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First Things' Fires Writer for Criticizing Pope Francis


Is Pope Francis Making Conservative Catholics More Liberal and Less Tolerant?

AP Photo/Riccardo De Luca

Directly following the papal visit to the U.S., the editor of conservative journal First Things announced he sacked a writer after she wrote a column critical of Pope Francis.

The announcement from First Things editor R. R. Reno is revealing. Referring to Maureen Mullarkey, the writer whom he fired, he complains:

She consistently treats [Pope Francis] as an ideological propagandist, accusing him of reducing the faith to secular political categories. This is her way of reducing him to the political terms she favors ... the ones used by radio talk-show hosts to entertain the public with mock-battles against various Empires of Evil. I don't want First Things to play that game.

Nearly every word Reno wrote is straight out of a liberal playbook: Accusing conservatives of being lemming-followers of talk-radio hosts, putting on an air of intellectual superiority and even jeeringly alluding to President Ronald Reagan's use of the words "Evil Empire" to describe the menace of Communism, which drew snickers from the liberal intelligentsia of the time.

Image source: AP/Riccardo De Luca

It may surprise some that such anti-conservative clichés would come from a conservative publication like First Things. But Pope Francis' pontificate is having that effect on more and more Catholic publications.

Adam Shaw lost his position at Catholic News Service after writing a critique of Pope Francis's economic opinions. Patrick Archbold was sacked from National Catholic Register when he complained Pope Francis was alienating traditionalists. This writer was told to leave a Catholic publication after writing articles with a “tone” of “judgment” out of line with Pope Francis’s message of “welcome.”

It’s almost as if publications that are owned by or beholden to the Church are treating the Holy Father's critics like whistleblowers uncovering an unsightly scandal. Perhaps because they are.

But whatever one might say of Reno’s lack of professionalism and self-awareness (does he not see the irony in attempting to publically humiliate an employee in the name of maintaining civility?), his defense of Pope Francis is fitting.

After all, imitation is the highest form of flattery, and the Holy Father has sidelined his own share of truth-tellers, notably including Cardinal Raymond Burke, who opposed him at the beginning of the Synod on the Family in 2014.

Since then, the pope has been so inhospitable to conservative participants in the Synod that more than 200 bishops, archbishops and cardinals felt compelled to defy the wishes of his closest hand-picked advisers and intervene with Francis to maintain the Church’s teachings on marriage and sexuality.

Meanwhile, thousands of leftists are passing around a petition in “support” of Pope Francis’s supposed effort to undermine natural marriage and adjust Christian doctrine to match the opinion of Supreme Court Justice Anthony Kennedy.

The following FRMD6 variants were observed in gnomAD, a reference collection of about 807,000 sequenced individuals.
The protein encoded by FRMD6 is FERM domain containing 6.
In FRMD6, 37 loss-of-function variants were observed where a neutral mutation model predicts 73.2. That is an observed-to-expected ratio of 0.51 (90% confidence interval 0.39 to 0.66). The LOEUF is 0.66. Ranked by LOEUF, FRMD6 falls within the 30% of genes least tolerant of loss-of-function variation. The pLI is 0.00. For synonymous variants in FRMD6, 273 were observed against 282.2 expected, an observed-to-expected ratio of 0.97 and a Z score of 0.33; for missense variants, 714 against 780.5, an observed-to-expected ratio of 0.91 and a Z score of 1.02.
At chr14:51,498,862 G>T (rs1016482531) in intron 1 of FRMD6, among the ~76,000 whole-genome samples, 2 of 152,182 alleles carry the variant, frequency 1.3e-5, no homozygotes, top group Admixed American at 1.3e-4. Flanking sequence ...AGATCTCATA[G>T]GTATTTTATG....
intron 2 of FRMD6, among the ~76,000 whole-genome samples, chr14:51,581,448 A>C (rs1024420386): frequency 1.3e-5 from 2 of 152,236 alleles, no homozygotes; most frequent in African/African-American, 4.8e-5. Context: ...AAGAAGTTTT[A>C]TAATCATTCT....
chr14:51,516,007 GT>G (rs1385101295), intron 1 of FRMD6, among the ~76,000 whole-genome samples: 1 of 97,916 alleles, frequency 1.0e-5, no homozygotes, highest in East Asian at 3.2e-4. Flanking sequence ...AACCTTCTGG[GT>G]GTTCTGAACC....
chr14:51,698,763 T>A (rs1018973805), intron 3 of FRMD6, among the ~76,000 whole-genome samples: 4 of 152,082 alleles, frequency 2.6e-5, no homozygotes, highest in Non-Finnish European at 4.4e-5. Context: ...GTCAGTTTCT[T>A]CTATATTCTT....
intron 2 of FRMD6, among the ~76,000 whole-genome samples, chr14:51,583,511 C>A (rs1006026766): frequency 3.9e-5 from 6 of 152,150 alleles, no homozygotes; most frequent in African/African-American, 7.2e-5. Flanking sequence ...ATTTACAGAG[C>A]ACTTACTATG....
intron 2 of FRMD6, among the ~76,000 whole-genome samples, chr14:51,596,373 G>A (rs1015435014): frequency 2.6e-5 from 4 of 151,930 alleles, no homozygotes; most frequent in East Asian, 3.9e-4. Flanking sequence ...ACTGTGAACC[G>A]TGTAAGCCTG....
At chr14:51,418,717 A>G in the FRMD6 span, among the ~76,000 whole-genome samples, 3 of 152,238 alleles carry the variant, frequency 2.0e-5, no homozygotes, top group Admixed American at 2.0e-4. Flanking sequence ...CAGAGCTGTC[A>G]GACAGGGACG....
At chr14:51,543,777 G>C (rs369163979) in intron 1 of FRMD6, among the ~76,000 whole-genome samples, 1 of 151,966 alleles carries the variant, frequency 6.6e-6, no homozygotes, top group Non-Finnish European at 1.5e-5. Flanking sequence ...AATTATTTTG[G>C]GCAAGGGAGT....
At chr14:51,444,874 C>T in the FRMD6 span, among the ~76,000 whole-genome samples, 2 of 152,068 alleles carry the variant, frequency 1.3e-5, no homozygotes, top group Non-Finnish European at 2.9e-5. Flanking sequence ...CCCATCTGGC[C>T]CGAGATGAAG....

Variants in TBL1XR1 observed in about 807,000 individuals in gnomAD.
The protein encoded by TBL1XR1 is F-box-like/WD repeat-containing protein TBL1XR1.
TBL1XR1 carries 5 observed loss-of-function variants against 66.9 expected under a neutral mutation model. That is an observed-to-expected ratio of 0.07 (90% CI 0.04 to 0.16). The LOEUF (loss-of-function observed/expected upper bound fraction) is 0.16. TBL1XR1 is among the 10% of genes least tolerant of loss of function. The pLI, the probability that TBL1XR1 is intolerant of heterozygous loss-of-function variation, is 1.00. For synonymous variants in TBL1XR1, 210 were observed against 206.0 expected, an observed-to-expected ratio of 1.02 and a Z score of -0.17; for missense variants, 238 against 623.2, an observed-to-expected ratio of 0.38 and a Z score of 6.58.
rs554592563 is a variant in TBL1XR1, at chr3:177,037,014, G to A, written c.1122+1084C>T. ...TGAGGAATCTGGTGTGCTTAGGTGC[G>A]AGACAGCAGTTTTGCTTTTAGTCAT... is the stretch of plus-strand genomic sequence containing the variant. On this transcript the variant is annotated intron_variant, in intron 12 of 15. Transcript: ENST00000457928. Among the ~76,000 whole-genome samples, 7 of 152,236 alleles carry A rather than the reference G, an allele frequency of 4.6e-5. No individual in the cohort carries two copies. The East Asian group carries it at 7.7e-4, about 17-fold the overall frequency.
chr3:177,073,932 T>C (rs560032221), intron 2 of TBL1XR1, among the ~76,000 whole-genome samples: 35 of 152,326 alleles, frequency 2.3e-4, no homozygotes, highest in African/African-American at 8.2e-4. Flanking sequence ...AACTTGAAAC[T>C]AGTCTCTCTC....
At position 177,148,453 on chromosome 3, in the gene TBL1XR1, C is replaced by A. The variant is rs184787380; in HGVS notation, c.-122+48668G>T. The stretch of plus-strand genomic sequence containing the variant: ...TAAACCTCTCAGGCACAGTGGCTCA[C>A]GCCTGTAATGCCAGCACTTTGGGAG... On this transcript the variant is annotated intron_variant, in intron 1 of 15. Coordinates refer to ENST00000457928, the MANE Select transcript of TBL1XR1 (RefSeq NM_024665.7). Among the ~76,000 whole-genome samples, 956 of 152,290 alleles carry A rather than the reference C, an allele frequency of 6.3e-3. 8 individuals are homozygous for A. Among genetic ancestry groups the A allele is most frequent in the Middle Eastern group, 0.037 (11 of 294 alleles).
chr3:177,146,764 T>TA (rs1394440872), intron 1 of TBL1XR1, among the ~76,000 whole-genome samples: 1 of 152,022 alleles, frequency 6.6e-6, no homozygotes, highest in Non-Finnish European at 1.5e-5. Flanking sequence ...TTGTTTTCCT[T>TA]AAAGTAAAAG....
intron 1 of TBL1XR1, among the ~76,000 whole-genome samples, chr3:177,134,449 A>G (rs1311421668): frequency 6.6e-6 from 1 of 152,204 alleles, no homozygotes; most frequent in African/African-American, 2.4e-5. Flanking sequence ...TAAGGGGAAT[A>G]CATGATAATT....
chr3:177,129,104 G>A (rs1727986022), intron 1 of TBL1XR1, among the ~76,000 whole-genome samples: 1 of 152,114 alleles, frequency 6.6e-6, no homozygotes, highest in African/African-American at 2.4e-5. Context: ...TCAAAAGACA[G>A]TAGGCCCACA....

According to a recent study from the Public Religion Research Institute, almost four in 10 Catholics believe that Pope Francis is pro-gay marriage, and more than half of Catholics agree with his supposed pro-gay marriage stance.

Defending Pope Francis against the fired writer, Reno contends that “we need to have the moral and spiritual generosity to enter into our adversaries’ ways of thinking,” apparently implying that his adversary Maureen Mullarkey’s way of thinking is an exception to that rule.

And what rule is that? It is the "golden rule," which Pope Francis proposed during his recent address to Congress. But Pope Francis applies the golden rule to battles between truth and dangerous error — rather than between neighbors as the Gospel recommends — and so it serves only as a defense of error against the truth.

After all, when he spoke live to a world torn apart by error and moral chaos, what was the single “temptation” that Pope Francis said “we must especially guard against” in his address to Congress? “The simplistic reductionism which sees only good or evil; or, if you will, the righteous and the sinners.”

Instead of praising saints and admonishing sinners, we must “confront every form of polarization which would divide [the contemporary world] into these two camps” in the first place, the pontiff said.

Perhaps this is why Reno would choose to publically excoriate Maureen Mullarkey for criticizing the political coalition Pope Francis is building with the left, instead of, say, First Things contributor Elizabeth Scalia — who was broadcasting the "Virtuous Pedophile" movement long before even Salon.com would touch it.

When Christ commanded “Do unto others as you would have others do unto you,” He was addressing His faithful followers about how to treat their enemies. The assumption is that the “you” is someone who accepts the truth of things or, in the words of Pope Francis, someone who “sees” the “good or evil” in people and knows the difference between righteousness and sin.

Pope Francis seems to dispense with that “rigid” assumption, favoring a more “welcoming” Church and a “culture of encounter.”

What will happen if Pope Francis expands the Lord’s command? Will we do unto pro-abortion politicians and gay marriage activists what they would have us do unto them? Will we do unto liars — who distort the truth the Church is meant to protect — as they would have us do?

Do the math: As long as we agree on what the lies will be, this new golden rule will make liars out of all of us — minus those disagreeable folks who, like Maureen Mullarkey, lack the “spiritual generosity to enter into their adversaries’ ways of thinking.”

Read the article that got Maureen Mullarkey fired.

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